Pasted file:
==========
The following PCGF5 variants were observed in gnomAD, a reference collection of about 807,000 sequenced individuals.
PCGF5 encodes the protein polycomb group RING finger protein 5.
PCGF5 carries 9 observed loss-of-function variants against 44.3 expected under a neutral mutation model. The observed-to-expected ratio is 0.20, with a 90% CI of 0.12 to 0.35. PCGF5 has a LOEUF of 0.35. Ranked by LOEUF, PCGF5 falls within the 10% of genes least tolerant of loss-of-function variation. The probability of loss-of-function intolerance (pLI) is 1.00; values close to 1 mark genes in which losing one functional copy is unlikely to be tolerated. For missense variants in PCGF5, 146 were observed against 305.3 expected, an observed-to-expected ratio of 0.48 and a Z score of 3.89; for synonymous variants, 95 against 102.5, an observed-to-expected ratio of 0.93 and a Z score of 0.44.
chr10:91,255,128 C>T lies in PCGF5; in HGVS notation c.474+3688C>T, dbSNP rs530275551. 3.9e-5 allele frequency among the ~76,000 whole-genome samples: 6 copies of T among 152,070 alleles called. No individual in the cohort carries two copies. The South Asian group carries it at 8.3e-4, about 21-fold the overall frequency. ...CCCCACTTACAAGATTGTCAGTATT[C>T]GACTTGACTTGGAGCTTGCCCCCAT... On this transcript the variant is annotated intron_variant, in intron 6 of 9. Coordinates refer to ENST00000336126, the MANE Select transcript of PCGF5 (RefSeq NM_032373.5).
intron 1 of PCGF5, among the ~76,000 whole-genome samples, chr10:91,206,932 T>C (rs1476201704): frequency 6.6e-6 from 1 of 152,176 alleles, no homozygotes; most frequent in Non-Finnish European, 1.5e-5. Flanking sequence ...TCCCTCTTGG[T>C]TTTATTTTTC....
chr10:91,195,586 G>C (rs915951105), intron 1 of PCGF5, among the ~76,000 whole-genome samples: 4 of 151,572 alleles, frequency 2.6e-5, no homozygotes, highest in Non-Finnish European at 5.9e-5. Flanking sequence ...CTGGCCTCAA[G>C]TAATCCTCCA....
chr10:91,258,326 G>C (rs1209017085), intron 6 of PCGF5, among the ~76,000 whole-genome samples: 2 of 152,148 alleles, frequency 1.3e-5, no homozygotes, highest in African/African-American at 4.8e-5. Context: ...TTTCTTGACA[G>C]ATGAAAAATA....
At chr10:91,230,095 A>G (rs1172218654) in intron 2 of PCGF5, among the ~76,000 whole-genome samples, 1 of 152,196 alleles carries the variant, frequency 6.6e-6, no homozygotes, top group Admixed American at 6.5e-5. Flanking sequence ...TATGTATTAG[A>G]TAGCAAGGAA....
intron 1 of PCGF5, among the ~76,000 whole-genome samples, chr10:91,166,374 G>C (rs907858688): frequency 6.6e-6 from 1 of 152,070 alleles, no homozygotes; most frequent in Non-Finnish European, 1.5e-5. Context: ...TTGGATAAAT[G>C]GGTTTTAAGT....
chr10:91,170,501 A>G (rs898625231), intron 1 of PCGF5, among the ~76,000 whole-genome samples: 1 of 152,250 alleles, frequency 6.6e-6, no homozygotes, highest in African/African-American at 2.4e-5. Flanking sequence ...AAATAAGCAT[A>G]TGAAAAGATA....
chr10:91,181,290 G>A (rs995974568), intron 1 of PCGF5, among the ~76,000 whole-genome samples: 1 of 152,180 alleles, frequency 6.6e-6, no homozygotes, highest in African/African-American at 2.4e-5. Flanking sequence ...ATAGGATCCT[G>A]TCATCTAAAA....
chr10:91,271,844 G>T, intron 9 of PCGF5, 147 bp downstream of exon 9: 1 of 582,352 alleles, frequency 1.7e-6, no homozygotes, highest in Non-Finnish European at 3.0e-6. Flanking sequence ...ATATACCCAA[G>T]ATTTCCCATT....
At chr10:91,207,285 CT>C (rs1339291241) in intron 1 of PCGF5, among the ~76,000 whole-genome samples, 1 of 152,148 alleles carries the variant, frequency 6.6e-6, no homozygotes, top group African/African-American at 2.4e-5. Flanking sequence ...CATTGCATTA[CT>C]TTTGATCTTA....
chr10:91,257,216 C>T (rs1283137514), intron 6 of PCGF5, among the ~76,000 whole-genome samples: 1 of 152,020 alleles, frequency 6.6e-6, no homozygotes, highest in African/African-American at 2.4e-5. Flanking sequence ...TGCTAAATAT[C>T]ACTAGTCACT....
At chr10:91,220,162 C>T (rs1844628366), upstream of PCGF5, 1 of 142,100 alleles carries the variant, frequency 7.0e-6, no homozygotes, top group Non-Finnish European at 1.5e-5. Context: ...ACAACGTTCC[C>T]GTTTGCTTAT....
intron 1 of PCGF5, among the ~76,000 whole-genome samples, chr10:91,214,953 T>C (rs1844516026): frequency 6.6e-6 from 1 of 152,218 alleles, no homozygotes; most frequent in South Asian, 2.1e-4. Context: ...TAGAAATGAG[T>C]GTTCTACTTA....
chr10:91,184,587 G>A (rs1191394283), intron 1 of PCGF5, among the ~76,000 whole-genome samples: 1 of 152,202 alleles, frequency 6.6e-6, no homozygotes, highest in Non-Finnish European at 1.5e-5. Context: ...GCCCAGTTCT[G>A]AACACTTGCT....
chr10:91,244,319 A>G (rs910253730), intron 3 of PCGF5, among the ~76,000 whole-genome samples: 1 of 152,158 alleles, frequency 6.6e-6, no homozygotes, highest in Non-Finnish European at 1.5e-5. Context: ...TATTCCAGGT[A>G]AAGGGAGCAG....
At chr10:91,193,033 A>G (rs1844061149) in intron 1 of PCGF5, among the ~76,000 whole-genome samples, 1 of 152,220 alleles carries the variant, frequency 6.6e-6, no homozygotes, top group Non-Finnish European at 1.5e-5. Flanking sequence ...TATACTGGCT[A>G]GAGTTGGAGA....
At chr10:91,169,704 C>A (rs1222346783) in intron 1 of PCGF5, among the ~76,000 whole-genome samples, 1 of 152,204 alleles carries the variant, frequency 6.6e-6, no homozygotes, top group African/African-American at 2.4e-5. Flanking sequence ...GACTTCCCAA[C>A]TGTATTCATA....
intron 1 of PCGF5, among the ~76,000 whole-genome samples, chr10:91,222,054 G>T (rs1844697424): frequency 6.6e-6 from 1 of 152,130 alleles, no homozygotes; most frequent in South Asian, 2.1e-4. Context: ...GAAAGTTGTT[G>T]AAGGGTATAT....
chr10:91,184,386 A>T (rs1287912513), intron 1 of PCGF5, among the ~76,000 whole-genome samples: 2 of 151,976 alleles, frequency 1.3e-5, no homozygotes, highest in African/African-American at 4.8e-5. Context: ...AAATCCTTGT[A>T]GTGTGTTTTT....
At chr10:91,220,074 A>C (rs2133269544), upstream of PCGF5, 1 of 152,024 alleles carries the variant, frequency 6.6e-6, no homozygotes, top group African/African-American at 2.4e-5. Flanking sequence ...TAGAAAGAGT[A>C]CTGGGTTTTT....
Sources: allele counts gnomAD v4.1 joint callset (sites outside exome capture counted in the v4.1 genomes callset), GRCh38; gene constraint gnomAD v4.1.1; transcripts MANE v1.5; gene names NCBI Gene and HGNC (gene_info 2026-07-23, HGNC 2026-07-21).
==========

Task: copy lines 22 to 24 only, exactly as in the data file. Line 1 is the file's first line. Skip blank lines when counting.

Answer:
chr10:91,184,386 A>T (rs1287912513), intron 1 of PCGF5, among the ~76,000 whole-genome samples: 2 of 151,976 alleles, frequency 1.3e-5, no homozygotes, highest in African/African-American at 4.8e-5. Context: ...AAATCCTTGT[A>T]GTGTGTTTTT....
At chr10:91,220,074 A>C (rs2133269544), upstream of PCGF5, 1 of 152,024 alleles carries the variant, frequency 6.6e-6, no homozygotes, top group African/African-American at 2.4e-5. Flanking sequence ...TAGAAAGAGT[A>C]CTGGGTTTTT....
Sources: allele counts gnomAD v4.1 joint callset (sites outside exome capture counted in the v4.1 genomes callset), GRCh38; gene constraint gnomAD v4.1.1; transcripts MANE v1.5; gene names NCBI Gene and HGNC (gene_info 2026-07-23, HGNC 2026-07-21).